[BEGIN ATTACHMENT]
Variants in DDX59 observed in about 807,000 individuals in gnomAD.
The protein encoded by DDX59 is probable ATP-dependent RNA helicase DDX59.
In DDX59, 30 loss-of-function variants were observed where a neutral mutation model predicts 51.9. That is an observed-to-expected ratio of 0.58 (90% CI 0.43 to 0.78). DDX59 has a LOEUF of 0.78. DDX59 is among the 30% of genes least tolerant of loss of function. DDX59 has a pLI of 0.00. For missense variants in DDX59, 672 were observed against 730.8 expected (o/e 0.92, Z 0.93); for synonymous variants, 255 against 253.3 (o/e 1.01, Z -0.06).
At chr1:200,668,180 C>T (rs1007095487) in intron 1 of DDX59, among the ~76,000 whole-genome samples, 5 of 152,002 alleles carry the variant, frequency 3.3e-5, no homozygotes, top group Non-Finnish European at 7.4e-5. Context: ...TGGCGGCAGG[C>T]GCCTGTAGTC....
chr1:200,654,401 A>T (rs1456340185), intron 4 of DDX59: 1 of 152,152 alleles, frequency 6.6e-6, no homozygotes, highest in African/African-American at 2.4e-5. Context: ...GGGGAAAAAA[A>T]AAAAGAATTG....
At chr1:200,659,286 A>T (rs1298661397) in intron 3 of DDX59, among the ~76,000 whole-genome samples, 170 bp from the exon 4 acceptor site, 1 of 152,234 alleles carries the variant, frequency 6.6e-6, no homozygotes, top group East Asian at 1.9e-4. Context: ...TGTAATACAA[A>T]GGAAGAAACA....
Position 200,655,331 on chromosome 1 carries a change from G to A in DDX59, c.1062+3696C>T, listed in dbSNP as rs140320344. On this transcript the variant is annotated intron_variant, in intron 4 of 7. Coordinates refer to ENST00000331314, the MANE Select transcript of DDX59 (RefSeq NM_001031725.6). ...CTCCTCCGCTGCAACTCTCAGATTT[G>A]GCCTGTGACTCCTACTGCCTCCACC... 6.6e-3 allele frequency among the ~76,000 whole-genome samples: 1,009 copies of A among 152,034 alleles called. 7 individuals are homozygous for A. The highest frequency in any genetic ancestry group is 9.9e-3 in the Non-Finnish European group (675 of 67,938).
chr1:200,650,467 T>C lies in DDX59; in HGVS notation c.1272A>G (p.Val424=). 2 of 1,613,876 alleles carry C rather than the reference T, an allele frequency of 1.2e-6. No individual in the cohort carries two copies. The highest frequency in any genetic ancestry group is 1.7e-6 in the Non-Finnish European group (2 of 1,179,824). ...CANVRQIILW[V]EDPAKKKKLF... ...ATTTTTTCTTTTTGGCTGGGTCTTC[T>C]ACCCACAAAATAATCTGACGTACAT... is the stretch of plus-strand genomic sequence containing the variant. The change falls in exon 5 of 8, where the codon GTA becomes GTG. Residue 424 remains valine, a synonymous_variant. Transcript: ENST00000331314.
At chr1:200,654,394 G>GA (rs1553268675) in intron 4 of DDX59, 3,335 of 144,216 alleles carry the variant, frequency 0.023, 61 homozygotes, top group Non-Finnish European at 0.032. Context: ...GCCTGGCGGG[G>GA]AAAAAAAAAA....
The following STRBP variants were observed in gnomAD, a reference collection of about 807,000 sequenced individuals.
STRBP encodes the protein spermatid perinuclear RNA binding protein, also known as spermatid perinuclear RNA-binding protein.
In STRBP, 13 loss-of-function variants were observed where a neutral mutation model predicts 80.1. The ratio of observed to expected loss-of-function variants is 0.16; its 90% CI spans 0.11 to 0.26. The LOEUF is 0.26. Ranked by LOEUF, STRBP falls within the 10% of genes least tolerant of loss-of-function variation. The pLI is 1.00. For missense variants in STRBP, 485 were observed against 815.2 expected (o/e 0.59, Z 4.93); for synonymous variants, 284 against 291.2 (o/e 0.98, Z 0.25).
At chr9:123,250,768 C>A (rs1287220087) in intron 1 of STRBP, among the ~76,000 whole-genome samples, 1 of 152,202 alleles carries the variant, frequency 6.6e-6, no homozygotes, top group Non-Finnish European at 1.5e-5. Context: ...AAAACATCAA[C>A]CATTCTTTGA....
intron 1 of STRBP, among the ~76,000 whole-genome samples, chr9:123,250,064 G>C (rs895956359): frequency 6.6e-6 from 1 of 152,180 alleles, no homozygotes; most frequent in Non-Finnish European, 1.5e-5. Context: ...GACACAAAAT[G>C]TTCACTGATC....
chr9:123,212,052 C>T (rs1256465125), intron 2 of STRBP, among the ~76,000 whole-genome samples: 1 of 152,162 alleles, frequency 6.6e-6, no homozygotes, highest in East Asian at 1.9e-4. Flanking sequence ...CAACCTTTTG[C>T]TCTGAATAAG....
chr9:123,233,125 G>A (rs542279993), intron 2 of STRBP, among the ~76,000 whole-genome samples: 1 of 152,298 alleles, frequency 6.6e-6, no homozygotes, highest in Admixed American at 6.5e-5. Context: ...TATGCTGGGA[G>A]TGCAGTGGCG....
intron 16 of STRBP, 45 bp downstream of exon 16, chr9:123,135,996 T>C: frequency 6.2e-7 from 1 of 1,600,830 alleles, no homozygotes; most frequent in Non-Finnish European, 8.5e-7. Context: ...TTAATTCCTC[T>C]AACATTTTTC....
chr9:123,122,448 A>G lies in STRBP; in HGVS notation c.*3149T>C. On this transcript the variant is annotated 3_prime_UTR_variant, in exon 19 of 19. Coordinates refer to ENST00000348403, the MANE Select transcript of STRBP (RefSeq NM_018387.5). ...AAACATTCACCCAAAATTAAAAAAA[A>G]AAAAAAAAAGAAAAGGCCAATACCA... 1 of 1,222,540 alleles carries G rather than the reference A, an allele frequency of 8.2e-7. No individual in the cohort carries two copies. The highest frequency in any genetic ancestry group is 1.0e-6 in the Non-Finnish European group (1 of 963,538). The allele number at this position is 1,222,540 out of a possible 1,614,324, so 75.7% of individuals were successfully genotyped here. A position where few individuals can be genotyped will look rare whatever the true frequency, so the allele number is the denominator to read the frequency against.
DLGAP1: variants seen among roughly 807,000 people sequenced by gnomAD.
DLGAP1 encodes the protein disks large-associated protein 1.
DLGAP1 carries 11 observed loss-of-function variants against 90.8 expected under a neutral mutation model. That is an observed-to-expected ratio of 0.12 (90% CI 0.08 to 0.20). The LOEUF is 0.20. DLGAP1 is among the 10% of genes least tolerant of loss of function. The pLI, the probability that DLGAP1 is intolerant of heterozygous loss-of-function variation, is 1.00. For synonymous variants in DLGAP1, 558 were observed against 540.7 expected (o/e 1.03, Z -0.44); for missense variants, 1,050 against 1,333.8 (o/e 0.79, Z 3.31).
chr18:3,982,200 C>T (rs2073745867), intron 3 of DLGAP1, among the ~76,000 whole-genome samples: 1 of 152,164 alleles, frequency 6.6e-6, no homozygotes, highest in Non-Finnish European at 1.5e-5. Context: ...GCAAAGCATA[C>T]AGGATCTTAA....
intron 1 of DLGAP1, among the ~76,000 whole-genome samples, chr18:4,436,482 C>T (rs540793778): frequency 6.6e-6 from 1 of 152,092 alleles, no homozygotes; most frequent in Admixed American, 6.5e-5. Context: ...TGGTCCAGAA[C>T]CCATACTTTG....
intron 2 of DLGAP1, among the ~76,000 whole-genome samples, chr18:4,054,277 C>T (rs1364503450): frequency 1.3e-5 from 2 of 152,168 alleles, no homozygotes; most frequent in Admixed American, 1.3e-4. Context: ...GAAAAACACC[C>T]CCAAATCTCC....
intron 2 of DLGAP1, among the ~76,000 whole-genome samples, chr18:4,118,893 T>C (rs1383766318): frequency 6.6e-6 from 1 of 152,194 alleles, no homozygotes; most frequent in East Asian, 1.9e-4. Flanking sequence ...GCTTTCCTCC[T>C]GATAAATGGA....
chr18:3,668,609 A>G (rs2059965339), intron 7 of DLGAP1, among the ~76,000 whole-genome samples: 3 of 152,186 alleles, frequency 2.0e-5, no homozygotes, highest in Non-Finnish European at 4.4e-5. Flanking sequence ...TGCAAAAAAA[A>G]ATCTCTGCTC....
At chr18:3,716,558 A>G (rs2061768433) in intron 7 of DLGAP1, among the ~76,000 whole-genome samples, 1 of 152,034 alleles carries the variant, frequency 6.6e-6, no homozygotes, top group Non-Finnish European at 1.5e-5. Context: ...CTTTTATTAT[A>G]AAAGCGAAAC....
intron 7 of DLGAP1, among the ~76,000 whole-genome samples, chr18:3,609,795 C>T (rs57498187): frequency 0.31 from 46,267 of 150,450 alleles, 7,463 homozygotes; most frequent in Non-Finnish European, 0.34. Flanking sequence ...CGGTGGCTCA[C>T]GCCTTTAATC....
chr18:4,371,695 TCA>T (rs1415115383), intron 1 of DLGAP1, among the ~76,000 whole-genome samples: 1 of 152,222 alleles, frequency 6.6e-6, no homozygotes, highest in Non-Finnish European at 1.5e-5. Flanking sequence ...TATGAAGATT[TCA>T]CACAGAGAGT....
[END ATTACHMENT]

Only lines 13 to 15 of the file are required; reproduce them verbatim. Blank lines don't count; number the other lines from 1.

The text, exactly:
At chr9:123,250,768 C>A (rs1287220087) in intron 1 of STRBP, among the ~76,000 whole-genome samples, 1 of 152,202 alleles carries the variant, frequency 6.6e-6, no homozygotes, top group Non-Finnish European at 1.5e-5. Context: ...AAAACATCAA[C>A]CATTCTTTGA....
intron 1 of STRBP, among the ~76,000 whole-genome samples, chr9:123,250,064 G>C (rs895956359): frequency 6.6e-6 from 1 of 152,180 alleles, no homozygotes; most frequent in Non-Finnish European, 1.5e-5. Context: ...GACACAAAAT[G>C]TTCACTGATC....
chr9:123,212,052 C>T (rs1256465125), intron 2 of STRBP, among the ~76,000 whole-genome samples: 1 of 152,162 alleles, frequency 6.6e-6, no homozygotes, highest in East Asian at 1.9e-4. Flanking sequence ...CAACCTTTTG[C>T]TCTGAATAAG....